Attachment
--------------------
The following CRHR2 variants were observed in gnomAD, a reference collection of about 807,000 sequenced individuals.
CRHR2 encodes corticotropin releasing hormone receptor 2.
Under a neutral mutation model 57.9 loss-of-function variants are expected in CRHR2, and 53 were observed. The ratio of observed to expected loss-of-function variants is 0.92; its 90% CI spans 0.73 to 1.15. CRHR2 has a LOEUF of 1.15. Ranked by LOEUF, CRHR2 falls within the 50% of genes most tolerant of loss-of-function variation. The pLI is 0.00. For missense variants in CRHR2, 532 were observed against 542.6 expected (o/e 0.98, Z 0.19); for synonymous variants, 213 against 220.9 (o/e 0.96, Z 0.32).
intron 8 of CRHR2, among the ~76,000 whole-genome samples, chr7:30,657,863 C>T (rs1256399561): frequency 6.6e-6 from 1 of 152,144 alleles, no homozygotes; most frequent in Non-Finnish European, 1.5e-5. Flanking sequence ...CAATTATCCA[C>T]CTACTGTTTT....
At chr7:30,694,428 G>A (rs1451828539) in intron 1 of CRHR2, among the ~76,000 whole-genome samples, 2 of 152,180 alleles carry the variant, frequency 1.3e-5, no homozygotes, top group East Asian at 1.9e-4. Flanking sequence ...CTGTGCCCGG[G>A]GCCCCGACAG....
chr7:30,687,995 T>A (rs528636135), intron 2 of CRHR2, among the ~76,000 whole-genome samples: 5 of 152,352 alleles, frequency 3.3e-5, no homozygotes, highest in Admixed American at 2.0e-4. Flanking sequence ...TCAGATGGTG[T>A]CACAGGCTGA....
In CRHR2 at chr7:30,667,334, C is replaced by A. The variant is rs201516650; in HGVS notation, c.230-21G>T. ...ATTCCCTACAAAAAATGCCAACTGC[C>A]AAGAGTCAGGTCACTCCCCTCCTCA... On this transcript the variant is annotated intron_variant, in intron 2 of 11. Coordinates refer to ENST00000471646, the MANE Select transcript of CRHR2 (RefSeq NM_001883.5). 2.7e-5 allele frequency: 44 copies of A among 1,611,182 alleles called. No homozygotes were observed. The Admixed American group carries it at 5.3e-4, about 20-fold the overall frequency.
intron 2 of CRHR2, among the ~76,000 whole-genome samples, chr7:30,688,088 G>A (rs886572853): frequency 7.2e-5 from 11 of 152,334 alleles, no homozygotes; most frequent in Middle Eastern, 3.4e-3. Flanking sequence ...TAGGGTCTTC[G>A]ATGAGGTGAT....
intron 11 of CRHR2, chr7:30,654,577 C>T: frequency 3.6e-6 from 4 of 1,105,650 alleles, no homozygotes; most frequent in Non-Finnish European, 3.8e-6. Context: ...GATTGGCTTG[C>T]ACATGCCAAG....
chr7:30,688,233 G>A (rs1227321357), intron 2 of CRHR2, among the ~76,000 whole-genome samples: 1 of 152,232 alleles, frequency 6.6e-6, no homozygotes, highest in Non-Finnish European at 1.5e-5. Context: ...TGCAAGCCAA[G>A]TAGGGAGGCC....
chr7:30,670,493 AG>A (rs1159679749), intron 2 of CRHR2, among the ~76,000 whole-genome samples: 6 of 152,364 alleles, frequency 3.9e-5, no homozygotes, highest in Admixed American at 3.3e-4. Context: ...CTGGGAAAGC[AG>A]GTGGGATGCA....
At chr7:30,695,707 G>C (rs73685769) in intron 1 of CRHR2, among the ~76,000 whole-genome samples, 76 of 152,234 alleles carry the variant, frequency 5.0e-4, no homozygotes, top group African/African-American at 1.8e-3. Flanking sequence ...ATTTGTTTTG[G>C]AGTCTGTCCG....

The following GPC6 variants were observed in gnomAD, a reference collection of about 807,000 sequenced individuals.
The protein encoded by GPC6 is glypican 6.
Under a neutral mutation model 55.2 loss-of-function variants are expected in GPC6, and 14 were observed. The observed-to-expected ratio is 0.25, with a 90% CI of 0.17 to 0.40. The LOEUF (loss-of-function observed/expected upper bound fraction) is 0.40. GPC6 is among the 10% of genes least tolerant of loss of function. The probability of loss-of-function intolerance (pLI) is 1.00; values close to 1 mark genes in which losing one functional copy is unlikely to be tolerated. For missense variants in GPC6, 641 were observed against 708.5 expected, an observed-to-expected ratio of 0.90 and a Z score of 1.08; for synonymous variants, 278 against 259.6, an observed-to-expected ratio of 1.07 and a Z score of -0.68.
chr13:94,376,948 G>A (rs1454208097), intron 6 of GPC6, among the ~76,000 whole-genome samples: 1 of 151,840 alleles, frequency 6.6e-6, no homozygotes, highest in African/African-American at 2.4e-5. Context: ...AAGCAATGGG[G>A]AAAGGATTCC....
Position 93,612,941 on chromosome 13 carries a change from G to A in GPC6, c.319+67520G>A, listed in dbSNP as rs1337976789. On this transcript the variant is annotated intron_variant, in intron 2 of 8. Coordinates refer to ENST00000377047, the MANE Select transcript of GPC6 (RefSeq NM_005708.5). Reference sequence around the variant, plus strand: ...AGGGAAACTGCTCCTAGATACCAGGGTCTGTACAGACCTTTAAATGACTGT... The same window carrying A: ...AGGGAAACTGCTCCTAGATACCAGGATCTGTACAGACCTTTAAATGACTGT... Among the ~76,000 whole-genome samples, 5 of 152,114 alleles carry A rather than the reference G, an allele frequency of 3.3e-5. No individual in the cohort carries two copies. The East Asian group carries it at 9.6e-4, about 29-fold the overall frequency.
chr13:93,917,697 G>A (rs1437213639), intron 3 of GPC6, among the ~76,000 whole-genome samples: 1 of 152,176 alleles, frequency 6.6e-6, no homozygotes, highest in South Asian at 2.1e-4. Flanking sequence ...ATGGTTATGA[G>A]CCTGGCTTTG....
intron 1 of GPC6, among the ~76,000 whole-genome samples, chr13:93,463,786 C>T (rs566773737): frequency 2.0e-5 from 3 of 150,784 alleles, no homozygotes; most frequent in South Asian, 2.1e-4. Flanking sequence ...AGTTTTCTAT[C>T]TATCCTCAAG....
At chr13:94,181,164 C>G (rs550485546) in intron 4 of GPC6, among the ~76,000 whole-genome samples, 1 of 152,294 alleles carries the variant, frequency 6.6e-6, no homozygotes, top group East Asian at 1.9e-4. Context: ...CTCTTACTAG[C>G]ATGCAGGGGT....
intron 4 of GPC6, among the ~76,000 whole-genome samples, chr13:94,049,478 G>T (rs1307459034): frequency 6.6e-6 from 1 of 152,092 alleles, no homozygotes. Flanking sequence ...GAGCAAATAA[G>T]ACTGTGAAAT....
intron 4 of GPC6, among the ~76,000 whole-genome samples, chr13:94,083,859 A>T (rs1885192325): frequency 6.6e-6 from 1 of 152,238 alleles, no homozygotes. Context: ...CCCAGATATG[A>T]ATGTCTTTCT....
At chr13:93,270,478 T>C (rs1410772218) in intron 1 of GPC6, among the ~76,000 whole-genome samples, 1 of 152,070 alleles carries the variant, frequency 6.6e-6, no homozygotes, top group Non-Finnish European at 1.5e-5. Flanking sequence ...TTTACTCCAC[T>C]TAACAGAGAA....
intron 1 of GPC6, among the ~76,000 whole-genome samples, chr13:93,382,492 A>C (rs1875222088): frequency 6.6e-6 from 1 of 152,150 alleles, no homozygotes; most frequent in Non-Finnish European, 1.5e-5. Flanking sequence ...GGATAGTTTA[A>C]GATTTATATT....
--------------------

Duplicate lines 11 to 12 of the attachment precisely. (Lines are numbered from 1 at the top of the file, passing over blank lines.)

chr7:30,670,493 AG>A (rs1159679749), intron 2 of CRHR2, among the ~76,000 whole-genome samples: 6 of 152,364 alleles, frequency 3.9e-5, no homozygotes, highest in Admixed American at 3.3e-4. Context: ...CTGGGAAAGC[AG>A]GTGGGATGCA....
At chr7:30,695,707 G>C (rs73685769) in intron 1 of CRHR2, among the ~76,000 whole-genome samples, 76 of 152,234 alleles carry the variant, frequency 5.0e-4, no homozygotes, top group African/African-American at 1.8e-3. Flanking sequence ...ATTTGTTTTG[G>C]AGTCTGTCCG....